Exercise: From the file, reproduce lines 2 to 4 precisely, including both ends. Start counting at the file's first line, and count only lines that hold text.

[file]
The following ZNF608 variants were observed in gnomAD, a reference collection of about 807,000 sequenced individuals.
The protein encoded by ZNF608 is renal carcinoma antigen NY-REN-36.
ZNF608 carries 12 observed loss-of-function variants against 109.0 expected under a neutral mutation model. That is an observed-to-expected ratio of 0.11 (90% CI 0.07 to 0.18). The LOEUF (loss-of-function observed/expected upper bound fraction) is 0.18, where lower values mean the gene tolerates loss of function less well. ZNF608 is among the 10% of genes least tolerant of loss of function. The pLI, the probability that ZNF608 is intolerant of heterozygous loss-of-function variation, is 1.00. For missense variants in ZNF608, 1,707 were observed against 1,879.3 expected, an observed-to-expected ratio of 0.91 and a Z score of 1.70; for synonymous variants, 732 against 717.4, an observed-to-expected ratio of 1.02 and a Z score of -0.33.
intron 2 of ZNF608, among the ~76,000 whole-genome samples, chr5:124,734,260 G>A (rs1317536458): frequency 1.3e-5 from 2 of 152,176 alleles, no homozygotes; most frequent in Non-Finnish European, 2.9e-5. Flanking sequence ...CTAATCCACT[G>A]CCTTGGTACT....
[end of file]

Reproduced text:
The protein encoded by ZNF608 is renal carcinoma antigen NY-REN-36.
ZNF608 carries 12 observed loss-of-function variants against 109.0 expected under a neutral mutation model. That is an observed-to-expected ratio of 0.11 (90% CI 0.07 to 0.18). The LOEUF (loss-of-function observed/expected upper bound fraction) is 0.18, where lower values mean the gene tolerates loss of function less well. ZNF608 is among the 10% of genes least tolerant of loss of function. The pLI, the probability that ZNF608 is intolerant of heterozygous loss-of-function variation, is 1.00. For missense variants in ZNF608, 1,707 were observed against 1,879.3 expected, an observed-to-expected ratio of 0.91 and a Z score of 1.70; for synonymous variants, 732 against 717.4, an observed-to-expected ratio of 1.02 and a Z score of -0.33.
intron 2 of ZNF608, among the ~76,000 whole-genome samples, chr5:124,734,260 G>A (rs1317536458): frequency 1.3e-5 from 2 of 152,176 alleles, no homozygotes; most frequent in Non-Finnish European, 2.9e-5. Flanking sequence ...CTAATCCACT[G>A]CCTTGGTACT....